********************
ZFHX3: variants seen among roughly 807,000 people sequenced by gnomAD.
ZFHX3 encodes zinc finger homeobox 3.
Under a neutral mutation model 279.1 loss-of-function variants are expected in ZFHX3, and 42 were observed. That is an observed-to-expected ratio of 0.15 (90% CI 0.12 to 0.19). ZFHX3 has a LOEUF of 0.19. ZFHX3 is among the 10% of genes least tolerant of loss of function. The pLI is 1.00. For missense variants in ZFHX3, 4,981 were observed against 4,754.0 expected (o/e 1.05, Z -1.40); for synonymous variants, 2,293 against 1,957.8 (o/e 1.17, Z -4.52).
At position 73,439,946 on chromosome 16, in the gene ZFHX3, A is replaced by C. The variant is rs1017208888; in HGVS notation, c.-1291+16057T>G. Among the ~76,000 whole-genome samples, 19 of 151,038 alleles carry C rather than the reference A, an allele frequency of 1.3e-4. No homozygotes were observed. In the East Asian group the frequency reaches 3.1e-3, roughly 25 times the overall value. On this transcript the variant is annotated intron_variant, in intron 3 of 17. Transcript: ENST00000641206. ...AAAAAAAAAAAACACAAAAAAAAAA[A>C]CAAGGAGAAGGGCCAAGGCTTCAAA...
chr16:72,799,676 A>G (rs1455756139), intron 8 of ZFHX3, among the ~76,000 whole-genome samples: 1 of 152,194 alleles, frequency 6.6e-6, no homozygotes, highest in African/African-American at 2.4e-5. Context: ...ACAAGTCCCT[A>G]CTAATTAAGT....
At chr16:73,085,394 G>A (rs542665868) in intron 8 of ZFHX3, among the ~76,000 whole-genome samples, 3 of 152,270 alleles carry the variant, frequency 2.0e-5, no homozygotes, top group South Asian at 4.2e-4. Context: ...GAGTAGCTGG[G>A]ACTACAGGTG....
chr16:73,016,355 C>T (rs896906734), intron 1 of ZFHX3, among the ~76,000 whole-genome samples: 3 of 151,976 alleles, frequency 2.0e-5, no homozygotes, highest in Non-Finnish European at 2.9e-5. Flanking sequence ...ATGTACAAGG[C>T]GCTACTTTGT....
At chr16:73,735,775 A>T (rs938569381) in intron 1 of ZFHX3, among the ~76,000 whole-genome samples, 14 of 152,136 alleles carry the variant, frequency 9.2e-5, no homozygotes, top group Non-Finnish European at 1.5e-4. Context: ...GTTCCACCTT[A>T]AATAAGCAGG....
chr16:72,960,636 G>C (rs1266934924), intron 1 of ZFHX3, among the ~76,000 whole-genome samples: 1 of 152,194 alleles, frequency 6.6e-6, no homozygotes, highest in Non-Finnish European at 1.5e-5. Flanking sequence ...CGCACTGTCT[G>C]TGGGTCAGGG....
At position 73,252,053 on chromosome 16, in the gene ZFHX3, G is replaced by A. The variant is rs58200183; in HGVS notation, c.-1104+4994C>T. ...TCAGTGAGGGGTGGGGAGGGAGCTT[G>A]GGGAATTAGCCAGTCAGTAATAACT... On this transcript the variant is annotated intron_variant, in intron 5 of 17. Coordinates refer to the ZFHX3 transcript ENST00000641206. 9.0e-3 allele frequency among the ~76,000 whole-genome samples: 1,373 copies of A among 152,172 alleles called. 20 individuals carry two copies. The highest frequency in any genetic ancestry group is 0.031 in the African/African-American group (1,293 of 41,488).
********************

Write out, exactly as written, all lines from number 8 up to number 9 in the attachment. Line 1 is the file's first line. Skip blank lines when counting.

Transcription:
At chr16:73,735,775 A>T (rs938569381) in intron 1 of ZFHX3, among the ~76,000 whole-genome samples, 14 of 152,136 alleles carry the variant, frequency 9.2e-5, no homozygotes, top group Non-Finnish European at 1.5e-4. Context: ...GTTCCACCTT[A>T]AATAAGCAGG....
chr16:72,960,636 G>C (rs1266934924), intron 1 of ZFHX3, among the ~76,000 whole-genome samples: 1 of 152,194 alleles, frequency 6.6e-6, no homozygotes, highest in Non-Finnish European at 1.5e-5. Flanking sequence ...CGCACTGTCT[G>C]TGGGTCAGGG....